Life, Liberty and the Pursuit of Science Careers: An Interview with Dr. Rachel Bernstein

The pursuit of science is challenging. It is where new knowledge is born. In their path towards the unknown, scientists, too, face their fair share of insecurity. When experiments fail, grants evade, confidence dwindles and the clock strikes midnight, many researchers find themselves immersed in questions to which Google may not have an answer. What should I do after I graduate? Is there a glass ceiling for women? Is academia right for me? What other options are out there? Can I really get my act together for a work-life balance, like, ever? Sigh, these investment bankers make so much more money. What am I doing with my life? Maybe I should sleep now?Continue reading

A Grand Vision: A Conversation with Lynne Kiorpes

When babies are born, they cannot see very well, but their vision vastly improves as they continue to develop.  Sometimes, the eyes don’t communicate well with the brain, and vision disorders like amblyopia result.  What are the neural mechanisms that allow normal visual development?  What happens when things go amiss?  And how can these disorders be prevented and treated?  These are the questions that get Professor Lynne Kiorpes up in the morning!  Listen to her passion as she explains her research and life as a neuroscientist:Continue reading

Mental Health is a Part of Health: A Conversation with Shekhar Saxena

In a recent presidential town hall, President Obama looked directly into the camera and made a powerful statement about mental health. “If something inside you feels like it’s wounded, it’s just like a physical injury. You’ve got to go get help,” said the leader of the free world.

Buried under the weight of a massive social stigma, seeking help or even acknowledging a mental illness can be an excruciating task. How, then, can we help ourselves and our loved ones achieve emotional and mental well-being?Continue reading

We won an award!

We are excited to announce that we received the Society for Neuroscience 2016 Next Generation Award. This award recognizes SfN chapter members who have made outstanding contributions to public communication, outreach, and education about neuroscience. To celebrate the award reflecting our dedication to neuroscience education, we, the team members of Knowing Neurons, reminisce over some of their favorite moments in the past year.Continue reading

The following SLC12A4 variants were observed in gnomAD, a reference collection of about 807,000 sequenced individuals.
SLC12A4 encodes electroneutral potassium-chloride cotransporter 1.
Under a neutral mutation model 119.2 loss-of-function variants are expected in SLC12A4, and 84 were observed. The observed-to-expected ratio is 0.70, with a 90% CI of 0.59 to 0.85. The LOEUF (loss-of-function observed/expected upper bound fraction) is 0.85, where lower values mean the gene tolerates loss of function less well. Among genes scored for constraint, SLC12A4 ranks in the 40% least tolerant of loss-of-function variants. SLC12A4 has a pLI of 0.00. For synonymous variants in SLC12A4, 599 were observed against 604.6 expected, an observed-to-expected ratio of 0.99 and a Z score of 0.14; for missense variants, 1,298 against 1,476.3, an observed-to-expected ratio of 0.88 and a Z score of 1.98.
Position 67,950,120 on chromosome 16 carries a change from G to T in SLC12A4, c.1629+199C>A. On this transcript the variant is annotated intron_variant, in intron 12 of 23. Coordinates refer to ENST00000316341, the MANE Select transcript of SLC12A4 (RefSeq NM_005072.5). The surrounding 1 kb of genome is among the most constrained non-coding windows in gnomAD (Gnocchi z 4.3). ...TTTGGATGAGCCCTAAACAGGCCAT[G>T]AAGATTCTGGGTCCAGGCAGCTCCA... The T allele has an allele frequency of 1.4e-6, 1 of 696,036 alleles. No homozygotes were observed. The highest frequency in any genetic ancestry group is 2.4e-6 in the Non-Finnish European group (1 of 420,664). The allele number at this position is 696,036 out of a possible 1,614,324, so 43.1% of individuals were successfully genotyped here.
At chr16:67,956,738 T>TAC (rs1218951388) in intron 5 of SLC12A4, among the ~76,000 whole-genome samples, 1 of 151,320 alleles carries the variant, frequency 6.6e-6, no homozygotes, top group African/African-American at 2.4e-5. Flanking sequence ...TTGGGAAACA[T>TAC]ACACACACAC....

An Interview with Steve Silberman, Author of NeuroTribes

Ten minutes before I was scheduled to begin my interview with celebrated writer Steve Silberman, I still had not figured out which questions I wanted to ask him.  Staring down at a list of over 50 topics, I was overwhelmed by just how much there is to discuss when it comes to the history of the discovery of autism and misconceptions surrounding the diagnosis.  Silberman was one of the first members of the mainstream media to bring attention to the rise in autism diagnoses, and I wanted to know why autism had captured his interest.  Continue reading

Science Fiction, Serendipity and Interneuron Specification: A Conversation with Dr. Gordon J. Fishell

Gordon FishellIt is easy to assume that if a car has a gas pedal, it needs to have brakes, and similarly, if our brain has excitatory neurons, it needs inhibition too. For a long time, the field of neuroscience had thought of inhibitory interneurons as the “brakes” of the brain, providing suppression to neuronal activity. However, in my conversation with Dr. Gordon J. Fishell, I learned that interneurons are far more fascinating cell types than merely being inhibitory! Their multifarious morphology can be attributed to a palette of functions in brain developmental and regulation.Continue reading

From Stevens to Synapses: A Conversation with Kelsey Martin

martin_10_18Take your wildest guess.  How many neurons make up the human brain?  You’re not guessing wild enough if you said anything less than a trillion.  The circuitry of the human brain consists of a quadrillion (1015) synapses.  These neural circuits aren’t necessarily hard-wired and have the capacity to be re-wired in response to experience. In our interview with Dr. Kelsey C. Martin, Professor of Psychiatry and Biological Chemistry at University of California, Los Angeles, we discuss the long-lasting forms of plasticity that enable memories to be formed.  During the course of our conversation, Dr. Martin shares stories from her time in the Peace Corps. and discusses what it was like to study memory formation as a post-doc in the lab of the Nobel Prize winning scientist, Eric Kandel.  In this highly anticipated interview from Knowing Neurons, we sit down with Dr. Martin to get advice on what it takes to become a Principal Investigator, to discuss her upcoming Presidential lecture at SFN, and to find out exactly what this English major turned M.D./Ph.D. is currently reading.Continue reading